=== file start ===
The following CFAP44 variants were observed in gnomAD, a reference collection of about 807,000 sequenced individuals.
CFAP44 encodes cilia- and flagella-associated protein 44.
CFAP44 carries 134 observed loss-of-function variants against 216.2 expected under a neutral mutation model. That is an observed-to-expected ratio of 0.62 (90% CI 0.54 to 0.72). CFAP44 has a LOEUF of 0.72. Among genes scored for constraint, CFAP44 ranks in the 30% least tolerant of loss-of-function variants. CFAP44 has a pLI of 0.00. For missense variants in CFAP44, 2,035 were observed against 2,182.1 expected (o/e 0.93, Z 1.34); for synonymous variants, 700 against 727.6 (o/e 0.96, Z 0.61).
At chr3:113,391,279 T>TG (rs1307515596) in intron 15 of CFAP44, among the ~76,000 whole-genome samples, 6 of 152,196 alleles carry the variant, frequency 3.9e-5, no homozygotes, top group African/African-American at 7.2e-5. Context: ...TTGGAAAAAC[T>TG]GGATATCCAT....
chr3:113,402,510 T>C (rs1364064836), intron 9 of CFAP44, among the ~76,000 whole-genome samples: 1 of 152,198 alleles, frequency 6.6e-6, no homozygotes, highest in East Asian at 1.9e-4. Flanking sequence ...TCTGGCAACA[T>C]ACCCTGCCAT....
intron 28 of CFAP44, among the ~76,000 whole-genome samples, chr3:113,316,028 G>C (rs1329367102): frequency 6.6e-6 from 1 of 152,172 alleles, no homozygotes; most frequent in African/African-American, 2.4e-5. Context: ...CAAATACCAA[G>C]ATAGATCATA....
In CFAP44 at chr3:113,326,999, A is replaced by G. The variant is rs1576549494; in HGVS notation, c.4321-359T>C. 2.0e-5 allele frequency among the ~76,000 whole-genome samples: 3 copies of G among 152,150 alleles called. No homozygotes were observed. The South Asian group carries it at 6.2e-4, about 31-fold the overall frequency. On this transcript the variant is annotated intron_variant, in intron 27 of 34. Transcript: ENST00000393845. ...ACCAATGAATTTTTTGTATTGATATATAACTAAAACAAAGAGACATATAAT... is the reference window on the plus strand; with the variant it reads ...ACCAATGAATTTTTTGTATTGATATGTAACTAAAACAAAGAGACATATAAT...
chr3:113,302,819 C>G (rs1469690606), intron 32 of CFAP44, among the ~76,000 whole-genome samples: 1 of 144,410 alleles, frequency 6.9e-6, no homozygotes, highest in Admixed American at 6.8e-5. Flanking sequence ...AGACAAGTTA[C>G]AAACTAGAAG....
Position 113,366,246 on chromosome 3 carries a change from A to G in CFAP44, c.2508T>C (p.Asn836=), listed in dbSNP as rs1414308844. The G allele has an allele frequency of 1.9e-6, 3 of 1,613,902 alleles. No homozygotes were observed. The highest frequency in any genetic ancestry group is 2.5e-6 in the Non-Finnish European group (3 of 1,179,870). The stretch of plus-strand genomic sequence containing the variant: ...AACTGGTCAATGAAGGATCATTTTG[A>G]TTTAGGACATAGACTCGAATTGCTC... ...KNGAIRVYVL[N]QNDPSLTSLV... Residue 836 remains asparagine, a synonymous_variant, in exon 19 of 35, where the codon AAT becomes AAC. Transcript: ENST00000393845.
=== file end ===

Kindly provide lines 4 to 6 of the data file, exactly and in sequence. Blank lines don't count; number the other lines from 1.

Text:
At chr3:113,391,279 T>TG (rs1307515596) in intron 15 of CFAP44, among the ~76,000 whole-genome samples, 6 of 152,196 alleles carry the variant, frequency 3.9e-5, no homozygotes, top group African/African-American at 7.2e-5. Context: ...TTGGAAAAAC[T>TG]GGATATCCAT....
chr3:113,402,510 T>C (rs1364064836), intron 9 of CFAP44, among the ~76,000 whole-genome samples: 1 of 152,198 alleles, frequency 6.6e-6, no homozygotes, highest in East Asian at 1.9e-4. Flanking sequence ...TCTGGCAACA[T>C]ACCCTGCCAT....
intron 28 of CFAP44, among the ~76,000 whole-genome samples, chr3:113,316,028 G>C (rs1329367102): frequency 6.6e-6 from 1 of 152,172 alleles, no homozygotes; most frequent in African/African-American, 2.4e-5. Context: ...CAAATACCAA[G>C]ATAGATCATA....